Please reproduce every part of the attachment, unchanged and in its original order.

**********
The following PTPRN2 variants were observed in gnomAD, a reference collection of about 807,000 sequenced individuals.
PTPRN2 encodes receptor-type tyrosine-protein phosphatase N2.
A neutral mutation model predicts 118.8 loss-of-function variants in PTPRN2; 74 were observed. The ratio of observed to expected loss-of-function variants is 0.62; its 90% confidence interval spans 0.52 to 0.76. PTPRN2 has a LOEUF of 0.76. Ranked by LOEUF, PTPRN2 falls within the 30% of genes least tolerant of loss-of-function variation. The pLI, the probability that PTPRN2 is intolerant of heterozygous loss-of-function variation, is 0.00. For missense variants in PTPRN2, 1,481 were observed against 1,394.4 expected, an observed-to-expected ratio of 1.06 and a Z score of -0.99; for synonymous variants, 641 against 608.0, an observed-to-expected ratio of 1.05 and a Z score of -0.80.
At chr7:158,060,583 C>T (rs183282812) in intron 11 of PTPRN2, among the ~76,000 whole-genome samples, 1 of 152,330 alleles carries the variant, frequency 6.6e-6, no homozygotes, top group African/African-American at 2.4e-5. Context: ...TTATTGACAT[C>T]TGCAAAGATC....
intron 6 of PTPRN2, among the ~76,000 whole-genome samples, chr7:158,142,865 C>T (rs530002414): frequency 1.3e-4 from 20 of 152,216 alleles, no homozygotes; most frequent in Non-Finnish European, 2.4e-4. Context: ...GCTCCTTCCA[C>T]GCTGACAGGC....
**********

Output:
The following PTPRN2 variants were observed in gnomAD, a reference collection of about 807,000 sequenced individuals.
PTPRN2 encodes receptor-type tyrosine-protein phosphatase N2.
A neutral mutation model predicts 118.8 loss-of-function variants in PTPRN2; 74 were observed. The ratio of observed to expected loss-of-function variants is 0.62; its 90% confidence interval spans 0.52 to 0.76. PTPRN2 has a LOEUF of 0.76. Ranked by LOEUF, PTPRN2 falls within the 30% of genes least tolerant of loss-of-function variation. The pLI, the probability that PTPRN2 is intolerant of heterozygous loss-of-function variation, is 0.00. For missense variants in PTPRN2, 1,481 were observed against 1,394.4 expected, an observed-to-expected ratio of 1.06 and a Z score of -0.99; for synonymous variants, 641 against 608.0, an observed-to-expected ratio of 1.05 and a Z score of -0.80.
At chr7:158,060,583 C>T (rs183282812) in intron 11 of PTPRN2, among the ~76,000 whole-genome samples, 1 of 152,330 alleles carries the variant, frequency 6.6e-6, no homozygotes, top group African/African-American at 2.4e-5. Context: ...TTATTGACAT[C>T]TGCAAAGATC....
intron 6 of PTPRN2, among the ~76,000 whole-genome samples, chr7:158,142,865 C>T (rs530002414): frequency 1.3e-4 from 20 of 152,216 alleles, no homozygotes; most frequent in Non-Finnish European, 2.4e-4. Context: ...GCTCCTTCCA[C>T]GCTGACAGGC....